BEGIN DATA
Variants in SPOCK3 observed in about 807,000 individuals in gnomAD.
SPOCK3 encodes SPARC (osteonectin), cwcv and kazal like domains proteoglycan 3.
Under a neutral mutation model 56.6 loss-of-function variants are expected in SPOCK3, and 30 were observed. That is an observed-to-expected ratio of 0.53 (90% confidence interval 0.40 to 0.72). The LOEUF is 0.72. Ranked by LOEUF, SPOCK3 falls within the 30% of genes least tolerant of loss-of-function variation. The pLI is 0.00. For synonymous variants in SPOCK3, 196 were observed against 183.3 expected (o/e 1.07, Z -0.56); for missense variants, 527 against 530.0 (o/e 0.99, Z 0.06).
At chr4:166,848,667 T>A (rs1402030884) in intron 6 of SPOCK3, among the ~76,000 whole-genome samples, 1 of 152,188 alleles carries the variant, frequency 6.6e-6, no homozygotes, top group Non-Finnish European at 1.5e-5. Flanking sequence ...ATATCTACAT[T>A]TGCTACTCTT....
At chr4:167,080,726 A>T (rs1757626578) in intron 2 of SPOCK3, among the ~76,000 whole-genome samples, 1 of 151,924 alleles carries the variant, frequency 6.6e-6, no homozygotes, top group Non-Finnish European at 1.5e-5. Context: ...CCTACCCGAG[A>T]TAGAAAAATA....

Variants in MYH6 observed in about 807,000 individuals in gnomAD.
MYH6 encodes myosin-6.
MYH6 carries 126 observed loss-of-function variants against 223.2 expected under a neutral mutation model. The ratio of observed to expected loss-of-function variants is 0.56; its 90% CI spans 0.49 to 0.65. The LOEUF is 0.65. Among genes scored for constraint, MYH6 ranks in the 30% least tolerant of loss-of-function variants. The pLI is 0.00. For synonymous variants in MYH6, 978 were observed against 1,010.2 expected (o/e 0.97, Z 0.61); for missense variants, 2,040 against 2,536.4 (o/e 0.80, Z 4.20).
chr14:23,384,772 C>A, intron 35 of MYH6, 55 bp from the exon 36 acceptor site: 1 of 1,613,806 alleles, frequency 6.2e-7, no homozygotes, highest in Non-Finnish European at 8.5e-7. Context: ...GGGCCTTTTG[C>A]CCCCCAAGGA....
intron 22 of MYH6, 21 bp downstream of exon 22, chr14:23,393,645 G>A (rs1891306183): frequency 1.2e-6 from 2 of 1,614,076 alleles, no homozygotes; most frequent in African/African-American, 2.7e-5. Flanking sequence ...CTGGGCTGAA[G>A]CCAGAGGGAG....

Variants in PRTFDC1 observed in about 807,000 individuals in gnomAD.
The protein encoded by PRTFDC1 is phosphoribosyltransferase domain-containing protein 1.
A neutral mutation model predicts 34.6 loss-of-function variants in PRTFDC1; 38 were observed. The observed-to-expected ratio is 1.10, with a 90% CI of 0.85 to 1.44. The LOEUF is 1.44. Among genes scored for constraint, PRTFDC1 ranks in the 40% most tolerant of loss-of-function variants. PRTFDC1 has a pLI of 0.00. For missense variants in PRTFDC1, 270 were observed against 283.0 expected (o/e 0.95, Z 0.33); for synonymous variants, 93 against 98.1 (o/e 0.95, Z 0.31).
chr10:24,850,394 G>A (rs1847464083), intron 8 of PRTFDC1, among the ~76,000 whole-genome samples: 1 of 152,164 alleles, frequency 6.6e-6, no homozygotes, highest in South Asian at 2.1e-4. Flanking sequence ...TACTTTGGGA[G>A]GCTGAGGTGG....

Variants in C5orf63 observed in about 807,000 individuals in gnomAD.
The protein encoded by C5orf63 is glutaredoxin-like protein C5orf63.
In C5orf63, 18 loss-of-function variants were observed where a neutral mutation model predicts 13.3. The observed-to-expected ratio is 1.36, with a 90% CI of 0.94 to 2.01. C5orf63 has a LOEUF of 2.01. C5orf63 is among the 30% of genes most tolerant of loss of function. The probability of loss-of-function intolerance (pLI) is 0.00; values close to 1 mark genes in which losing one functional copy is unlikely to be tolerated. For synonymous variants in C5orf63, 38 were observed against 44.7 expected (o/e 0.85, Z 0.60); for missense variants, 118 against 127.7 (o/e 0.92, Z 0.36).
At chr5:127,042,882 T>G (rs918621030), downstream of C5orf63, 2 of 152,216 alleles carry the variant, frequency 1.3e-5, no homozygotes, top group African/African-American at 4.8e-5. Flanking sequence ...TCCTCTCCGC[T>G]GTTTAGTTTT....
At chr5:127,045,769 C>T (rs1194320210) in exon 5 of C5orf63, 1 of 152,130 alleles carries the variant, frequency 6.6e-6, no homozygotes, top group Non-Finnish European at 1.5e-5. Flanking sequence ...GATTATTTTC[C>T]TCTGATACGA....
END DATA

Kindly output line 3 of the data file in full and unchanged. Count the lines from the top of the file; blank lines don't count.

Under a neutral mutation model 56.6 loss-of-function variants are expected in SPOCK3, and 30 were observed. That is an observed-to-expected ratio of 0.53 (90% confidence interval 0.40 to 0.72). The LOEUF is 0.72. Ranked by LOEUF, SPOCK3 falls within the 30% of genes least tolerant of loss-of-function variation. The pLI is 0.00. For synonymous variants in SPOCK3, 196 were observed against 183.3 expected (o/e 1.07, Z -0.56); for missense variants, 527 against 530.0 (o/e 0.99, Z 0.06).